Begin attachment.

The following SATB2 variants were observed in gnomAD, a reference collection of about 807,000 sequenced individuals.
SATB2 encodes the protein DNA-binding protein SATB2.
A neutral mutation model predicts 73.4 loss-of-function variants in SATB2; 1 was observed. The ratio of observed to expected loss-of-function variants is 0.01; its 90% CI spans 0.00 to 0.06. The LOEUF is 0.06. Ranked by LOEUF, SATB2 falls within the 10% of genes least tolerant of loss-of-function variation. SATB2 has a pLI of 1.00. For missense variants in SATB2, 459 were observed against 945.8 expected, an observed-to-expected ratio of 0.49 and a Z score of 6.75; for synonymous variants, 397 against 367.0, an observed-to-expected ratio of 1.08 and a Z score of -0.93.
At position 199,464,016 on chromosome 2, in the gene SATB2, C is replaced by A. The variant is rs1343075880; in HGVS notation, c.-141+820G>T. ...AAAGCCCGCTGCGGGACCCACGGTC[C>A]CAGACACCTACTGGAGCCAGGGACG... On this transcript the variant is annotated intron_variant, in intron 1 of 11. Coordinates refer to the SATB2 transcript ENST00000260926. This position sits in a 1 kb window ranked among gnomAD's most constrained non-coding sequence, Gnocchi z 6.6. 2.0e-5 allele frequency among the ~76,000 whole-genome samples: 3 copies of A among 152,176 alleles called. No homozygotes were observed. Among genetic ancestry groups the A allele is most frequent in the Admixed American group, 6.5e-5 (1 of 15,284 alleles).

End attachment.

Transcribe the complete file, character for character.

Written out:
The following SATB2 variants were observed in gnomAD, a reference collection of about 807,000 sequenced individuals.
SATB2 encodes the protein DNA-binding protein SATB2.
A neutral mutation model predicts 73.4 loss-of-function variants in SATB2; 1 was observed. The ratio of observed to expected loss-of-function variants is 0.01; its 90% CI spans 0.00 to 0.06. The LOEUF is 0.06. Ranked by LOEUF, SATB2 falls within the 10% of genes least tolerant of loss-of-function variation. SATB2 has a pLI of 1.00. For missense variants in SATB2, 459 were observed against 945.8 expected, an observed-to-expected ratio of 0.49 and a Z score of 6.75; for synonymous variants, 397 against 367.0, an observed-to-expected ratio of 1.08 and a Z score of -0.93.
At position 199,464,016 on chromosome 2, in the gene SATB2, C is replaced by A. The variant is rs1343075880; in HGVS notation, c.-141+820G>T. ...AAAGCCCGCTGCGGGACCCACGGTC[C>A]CAGACACCTACTGGAGCCAGGGACG... On this transcript the variant is annotated intron_variant, in intron 1 of 11. Coordinates refer to the SATB2 transcript ENST00000260926. This position sits in a 1 kb window ranked among gnomAD's most constrained non-coding sequence, Gnocchi z 6.6. 2.0e-5 allele frequency among the ~76,000 whole-genome samples: 3 copies of A among 152,176 alleles called. No homozygotes were observed. Among genetic ancestry groups the A allele is most frequent in the Admixed American group, 6.5e-5 (1 of 15,284 alleles).